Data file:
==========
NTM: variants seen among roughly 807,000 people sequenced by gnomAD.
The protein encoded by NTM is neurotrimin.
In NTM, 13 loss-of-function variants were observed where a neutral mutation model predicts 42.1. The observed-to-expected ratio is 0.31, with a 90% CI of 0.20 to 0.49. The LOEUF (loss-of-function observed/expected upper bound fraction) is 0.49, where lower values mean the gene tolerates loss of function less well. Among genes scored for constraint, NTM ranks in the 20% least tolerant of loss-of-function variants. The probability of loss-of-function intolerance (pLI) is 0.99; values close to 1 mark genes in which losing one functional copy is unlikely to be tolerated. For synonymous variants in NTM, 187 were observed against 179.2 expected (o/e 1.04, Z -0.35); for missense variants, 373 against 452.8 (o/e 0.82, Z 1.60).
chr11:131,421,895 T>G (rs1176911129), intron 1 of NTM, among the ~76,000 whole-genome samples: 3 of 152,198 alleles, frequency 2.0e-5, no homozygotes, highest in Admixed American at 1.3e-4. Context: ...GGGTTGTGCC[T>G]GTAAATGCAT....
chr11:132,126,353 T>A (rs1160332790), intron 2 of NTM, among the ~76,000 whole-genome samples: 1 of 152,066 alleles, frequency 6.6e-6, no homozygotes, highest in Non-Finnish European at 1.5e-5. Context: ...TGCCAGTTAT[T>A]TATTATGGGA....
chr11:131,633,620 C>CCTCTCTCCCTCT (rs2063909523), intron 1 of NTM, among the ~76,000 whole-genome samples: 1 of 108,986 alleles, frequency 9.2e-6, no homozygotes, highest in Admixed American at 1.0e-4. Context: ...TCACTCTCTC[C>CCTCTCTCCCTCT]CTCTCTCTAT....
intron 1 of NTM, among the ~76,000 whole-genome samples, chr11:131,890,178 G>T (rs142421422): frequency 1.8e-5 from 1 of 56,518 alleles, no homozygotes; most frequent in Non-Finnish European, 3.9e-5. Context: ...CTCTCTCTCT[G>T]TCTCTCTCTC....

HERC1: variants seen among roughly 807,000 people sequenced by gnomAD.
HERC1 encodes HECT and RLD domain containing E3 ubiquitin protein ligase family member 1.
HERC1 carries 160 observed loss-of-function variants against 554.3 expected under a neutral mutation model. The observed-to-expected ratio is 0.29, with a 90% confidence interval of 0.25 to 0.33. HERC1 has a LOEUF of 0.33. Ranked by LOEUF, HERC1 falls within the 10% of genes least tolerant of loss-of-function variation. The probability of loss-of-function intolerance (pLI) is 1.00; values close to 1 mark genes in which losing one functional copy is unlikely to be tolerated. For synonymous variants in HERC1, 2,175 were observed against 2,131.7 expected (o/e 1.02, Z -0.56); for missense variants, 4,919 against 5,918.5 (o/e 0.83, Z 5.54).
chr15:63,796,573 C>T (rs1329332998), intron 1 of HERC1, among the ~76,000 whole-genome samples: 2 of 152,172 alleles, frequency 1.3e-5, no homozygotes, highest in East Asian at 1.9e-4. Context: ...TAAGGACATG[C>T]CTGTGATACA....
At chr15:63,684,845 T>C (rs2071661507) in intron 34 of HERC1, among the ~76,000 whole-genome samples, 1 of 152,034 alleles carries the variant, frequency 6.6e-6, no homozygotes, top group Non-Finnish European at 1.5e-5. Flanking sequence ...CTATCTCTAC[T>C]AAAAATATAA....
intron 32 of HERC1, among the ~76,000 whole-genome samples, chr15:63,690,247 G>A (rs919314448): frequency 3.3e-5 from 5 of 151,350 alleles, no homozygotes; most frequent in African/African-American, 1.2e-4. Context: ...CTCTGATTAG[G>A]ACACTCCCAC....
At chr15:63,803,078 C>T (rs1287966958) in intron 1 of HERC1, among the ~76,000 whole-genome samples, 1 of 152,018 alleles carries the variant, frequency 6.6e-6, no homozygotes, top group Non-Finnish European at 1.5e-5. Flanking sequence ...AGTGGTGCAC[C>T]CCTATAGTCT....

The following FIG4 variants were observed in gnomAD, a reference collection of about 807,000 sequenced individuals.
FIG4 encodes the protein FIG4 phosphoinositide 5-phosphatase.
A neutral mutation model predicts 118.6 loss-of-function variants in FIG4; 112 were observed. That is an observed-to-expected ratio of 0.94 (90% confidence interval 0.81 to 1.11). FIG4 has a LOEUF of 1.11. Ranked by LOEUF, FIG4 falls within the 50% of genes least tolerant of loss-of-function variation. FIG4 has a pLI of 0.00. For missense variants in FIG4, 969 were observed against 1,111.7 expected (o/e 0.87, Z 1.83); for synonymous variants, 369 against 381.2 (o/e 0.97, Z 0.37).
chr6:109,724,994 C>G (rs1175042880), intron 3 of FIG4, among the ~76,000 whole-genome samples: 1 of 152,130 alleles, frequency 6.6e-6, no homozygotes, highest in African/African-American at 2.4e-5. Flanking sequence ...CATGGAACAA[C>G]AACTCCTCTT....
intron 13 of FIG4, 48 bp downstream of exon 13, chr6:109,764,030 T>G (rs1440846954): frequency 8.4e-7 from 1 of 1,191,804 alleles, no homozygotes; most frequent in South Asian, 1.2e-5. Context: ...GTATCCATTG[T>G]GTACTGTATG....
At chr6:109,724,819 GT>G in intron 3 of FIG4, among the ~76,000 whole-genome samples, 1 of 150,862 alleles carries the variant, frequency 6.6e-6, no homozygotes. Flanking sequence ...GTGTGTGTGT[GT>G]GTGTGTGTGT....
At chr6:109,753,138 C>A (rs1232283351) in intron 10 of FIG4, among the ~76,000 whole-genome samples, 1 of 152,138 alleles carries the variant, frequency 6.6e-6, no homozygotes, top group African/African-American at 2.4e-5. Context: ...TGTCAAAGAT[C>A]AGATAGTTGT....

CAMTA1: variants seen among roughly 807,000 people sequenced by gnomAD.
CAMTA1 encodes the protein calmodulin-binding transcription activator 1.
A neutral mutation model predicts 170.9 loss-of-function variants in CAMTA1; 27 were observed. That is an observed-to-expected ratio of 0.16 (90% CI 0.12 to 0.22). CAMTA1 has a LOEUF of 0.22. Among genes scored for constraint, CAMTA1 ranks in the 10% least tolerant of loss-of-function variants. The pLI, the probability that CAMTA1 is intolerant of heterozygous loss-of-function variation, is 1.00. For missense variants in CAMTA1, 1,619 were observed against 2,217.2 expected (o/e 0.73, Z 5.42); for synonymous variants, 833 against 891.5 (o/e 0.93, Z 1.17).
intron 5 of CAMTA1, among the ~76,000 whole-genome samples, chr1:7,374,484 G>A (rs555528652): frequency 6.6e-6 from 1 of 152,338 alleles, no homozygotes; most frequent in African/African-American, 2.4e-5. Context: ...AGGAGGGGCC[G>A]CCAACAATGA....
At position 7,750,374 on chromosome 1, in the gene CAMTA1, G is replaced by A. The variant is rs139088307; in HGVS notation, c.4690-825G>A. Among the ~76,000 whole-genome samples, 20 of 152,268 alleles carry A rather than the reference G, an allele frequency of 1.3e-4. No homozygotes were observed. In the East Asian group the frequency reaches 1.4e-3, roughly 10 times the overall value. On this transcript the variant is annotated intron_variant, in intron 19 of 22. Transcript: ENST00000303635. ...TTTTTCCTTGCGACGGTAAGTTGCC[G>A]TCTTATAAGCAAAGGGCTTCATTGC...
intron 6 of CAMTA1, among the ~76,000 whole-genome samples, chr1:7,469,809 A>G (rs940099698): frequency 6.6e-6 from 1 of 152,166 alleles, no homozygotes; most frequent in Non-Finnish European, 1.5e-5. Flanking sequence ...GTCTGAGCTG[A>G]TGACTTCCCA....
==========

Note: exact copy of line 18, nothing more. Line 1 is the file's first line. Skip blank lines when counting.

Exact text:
chr6:109,724,994 C>G (rs1175042880), intron 3 of FIG4, among the ~76,000 whole-genome samples: 1 of 152,130 alleles, frequency 6.6e-6, no homozygotes, highest in African/African-American at 2.4e-5. Flanking sequence ...CATGGAACAA[C>G]AACTCCTCTT....